7 Example 4 A process for manufacturing high quality CaCO in accordance with this invention, integrated into the production of pulp by the sulfate process is illustrated in FIGURE 3.
This pulp mill produces during a typical 24 hour period approximately 225 tons of pulp from a variety of Wood, utilizing about 250,000 gallons of white liquor which after use in the digesters is converted in the recovery system to about 225,000 gallons of green liquor containing on the average 1.22 lbs. of Na CO per gallon. To convert this green liquor to white liquor requires the burning of approximately 130 tons of lime mud per day to produce the required amount of CaO.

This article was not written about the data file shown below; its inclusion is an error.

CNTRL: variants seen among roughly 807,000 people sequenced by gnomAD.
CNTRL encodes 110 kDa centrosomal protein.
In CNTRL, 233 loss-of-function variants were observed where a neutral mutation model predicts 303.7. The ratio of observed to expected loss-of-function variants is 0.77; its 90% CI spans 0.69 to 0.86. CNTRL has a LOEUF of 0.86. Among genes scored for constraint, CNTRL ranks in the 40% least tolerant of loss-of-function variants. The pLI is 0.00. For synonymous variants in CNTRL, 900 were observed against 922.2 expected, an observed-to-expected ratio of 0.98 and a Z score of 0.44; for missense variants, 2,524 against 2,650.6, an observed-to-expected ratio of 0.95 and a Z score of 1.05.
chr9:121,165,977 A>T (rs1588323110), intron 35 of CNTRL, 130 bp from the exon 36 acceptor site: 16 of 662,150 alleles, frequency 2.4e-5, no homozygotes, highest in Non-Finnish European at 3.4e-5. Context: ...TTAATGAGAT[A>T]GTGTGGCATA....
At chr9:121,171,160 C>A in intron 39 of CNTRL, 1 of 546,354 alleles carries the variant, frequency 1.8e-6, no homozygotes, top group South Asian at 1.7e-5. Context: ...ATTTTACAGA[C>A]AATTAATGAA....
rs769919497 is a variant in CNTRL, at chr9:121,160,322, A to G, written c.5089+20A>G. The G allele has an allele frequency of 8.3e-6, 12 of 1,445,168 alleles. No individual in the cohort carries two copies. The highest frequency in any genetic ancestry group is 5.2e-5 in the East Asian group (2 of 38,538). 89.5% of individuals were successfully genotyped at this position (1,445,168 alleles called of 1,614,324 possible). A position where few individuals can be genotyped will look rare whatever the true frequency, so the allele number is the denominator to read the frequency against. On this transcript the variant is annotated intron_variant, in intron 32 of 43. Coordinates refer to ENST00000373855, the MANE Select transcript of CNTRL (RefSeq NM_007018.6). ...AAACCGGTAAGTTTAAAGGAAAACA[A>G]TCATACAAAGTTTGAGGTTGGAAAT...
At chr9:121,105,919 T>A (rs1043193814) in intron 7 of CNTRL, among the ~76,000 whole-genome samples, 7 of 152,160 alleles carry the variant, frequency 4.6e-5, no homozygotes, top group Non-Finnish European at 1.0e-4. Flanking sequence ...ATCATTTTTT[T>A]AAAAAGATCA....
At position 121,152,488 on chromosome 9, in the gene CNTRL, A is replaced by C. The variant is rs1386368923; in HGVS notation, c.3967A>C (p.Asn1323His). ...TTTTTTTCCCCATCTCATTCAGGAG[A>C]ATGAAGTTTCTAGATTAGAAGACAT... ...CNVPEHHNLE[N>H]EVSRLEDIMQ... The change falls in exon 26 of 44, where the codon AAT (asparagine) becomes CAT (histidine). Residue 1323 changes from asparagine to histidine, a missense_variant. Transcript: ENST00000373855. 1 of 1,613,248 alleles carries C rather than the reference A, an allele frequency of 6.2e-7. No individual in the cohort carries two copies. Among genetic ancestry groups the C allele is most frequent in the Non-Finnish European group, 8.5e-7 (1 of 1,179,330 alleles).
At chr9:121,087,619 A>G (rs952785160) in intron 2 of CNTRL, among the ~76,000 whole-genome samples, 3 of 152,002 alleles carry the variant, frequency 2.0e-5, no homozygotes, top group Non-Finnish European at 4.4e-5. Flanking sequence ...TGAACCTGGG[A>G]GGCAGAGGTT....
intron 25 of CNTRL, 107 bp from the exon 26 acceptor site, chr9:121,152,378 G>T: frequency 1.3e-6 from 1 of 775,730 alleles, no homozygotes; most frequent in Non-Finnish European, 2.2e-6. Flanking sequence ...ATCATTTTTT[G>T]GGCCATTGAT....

The process cycle of this pulp mill is readily modified so as to produce 100 tons per day of high quality CaCO as follows.
108 lbs. of dry lime hydrate, 95% Ca(I-I) and 65 gallons of water per minute are admixed and continuously fed to a carbonator. The lime hydrate selected is of such specific surface as to give CaCO of the desired particle size range. In this example lime hydrate having a specific surface of 26,000 to 28,000 cm. g. is used.